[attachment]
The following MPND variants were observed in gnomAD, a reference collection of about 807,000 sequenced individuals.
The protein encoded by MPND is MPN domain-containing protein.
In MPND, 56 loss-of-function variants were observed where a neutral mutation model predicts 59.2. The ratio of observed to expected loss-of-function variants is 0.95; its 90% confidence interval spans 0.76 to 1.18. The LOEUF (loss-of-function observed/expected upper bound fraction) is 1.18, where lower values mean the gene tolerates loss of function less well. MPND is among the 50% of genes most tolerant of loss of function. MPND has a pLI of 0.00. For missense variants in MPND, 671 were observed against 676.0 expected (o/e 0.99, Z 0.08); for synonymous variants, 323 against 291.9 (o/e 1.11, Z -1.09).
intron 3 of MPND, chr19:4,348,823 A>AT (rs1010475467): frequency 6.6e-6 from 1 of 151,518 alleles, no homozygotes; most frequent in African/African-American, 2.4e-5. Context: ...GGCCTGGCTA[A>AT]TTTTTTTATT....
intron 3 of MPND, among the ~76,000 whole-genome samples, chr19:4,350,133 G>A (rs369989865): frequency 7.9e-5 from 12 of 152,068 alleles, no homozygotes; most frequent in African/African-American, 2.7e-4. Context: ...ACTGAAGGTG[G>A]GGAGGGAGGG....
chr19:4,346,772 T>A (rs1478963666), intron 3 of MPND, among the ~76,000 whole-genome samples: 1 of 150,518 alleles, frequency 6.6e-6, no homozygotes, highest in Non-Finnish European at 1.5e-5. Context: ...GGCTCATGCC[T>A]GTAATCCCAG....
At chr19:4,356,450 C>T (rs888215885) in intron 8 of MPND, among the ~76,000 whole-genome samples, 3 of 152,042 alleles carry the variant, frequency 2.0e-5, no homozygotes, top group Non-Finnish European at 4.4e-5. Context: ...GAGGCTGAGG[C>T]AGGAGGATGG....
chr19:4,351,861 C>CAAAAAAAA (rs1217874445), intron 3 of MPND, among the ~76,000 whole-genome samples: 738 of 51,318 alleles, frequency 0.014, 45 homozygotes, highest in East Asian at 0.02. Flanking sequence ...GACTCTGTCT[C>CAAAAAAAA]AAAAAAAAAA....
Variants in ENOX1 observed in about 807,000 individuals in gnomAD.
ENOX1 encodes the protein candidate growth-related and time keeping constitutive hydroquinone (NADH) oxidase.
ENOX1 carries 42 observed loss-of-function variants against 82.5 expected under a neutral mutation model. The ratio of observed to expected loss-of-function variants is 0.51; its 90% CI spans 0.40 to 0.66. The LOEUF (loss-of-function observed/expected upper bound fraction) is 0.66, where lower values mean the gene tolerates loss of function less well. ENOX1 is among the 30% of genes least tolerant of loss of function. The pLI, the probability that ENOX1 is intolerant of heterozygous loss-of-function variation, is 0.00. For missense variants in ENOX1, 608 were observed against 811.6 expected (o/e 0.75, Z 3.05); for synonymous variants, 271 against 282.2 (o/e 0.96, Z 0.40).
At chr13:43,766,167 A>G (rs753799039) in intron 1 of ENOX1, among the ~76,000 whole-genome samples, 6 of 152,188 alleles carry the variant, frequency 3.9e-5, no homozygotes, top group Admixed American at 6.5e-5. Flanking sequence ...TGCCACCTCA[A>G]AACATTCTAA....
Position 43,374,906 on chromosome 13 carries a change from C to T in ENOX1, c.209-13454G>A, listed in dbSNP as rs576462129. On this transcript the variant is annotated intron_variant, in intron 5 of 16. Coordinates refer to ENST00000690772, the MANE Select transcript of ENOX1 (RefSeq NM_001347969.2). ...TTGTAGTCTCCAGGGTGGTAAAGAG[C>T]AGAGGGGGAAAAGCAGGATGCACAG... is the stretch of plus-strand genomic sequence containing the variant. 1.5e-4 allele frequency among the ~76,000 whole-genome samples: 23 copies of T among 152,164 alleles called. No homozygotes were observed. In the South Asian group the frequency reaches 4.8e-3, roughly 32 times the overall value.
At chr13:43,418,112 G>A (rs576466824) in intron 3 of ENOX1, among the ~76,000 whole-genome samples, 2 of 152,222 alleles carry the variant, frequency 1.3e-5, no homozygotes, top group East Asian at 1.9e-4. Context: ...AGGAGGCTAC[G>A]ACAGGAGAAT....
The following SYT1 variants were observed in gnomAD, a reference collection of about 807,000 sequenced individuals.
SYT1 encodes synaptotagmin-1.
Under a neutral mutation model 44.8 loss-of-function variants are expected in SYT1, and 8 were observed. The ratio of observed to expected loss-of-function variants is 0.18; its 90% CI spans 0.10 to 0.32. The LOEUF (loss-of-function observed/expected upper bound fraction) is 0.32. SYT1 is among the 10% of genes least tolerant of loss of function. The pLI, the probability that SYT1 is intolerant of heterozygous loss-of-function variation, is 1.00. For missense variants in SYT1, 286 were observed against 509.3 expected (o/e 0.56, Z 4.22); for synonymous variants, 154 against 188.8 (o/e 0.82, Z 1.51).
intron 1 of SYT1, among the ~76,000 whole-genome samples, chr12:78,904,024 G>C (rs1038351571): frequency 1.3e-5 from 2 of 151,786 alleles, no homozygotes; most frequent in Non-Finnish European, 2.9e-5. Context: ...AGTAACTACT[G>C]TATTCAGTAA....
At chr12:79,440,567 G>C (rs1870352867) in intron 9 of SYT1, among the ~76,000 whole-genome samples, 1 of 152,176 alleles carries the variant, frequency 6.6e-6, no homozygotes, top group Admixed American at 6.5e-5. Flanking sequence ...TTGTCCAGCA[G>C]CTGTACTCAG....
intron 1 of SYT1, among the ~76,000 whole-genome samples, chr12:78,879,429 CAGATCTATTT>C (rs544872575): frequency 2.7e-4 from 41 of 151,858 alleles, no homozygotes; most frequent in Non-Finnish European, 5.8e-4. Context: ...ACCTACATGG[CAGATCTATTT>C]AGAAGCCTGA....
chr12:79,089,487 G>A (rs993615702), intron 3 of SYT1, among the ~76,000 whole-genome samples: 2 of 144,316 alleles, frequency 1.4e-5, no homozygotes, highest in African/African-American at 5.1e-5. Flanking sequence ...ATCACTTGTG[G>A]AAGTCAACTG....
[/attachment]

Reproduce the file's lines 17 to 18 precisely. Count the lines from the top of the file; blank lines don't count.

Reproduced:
Under a neutral mutation model 44.8 loss-of-function variants are expected in SYT1, and 8 were observed. The ratio of observed to expected loss-of-function variants is 0.18; its 90% CI spans 0.10 to 0.32. The LOEUF (loss-of-function observed/expected upper bound fraction) is 0.32. SYT1 is among the 10% of genes least tolerant of loss of function. The pLI, the probability that SYT1 is intolerant of heterozygous loss-of-function variation, is 1.00. For missense variants in SYT1, 286 were observed against 509.3 expected (o/e 0.56, Z 4.22); for synonymous variants, 154 against 188.8 (o/e 0.82, Z 1.51).
intron 1 of SYT1, among the ~76,000 whole-genome samples, chr12:78,904,024 G>C (rs1038351571): frequency 1.3e-5 from 2 of 151,786 alleles, no homozygotes; most frequent in Non-Finnish European, 2.9e-5. Context: ...AGTAACTACT[G>C]TATTCAGTAA....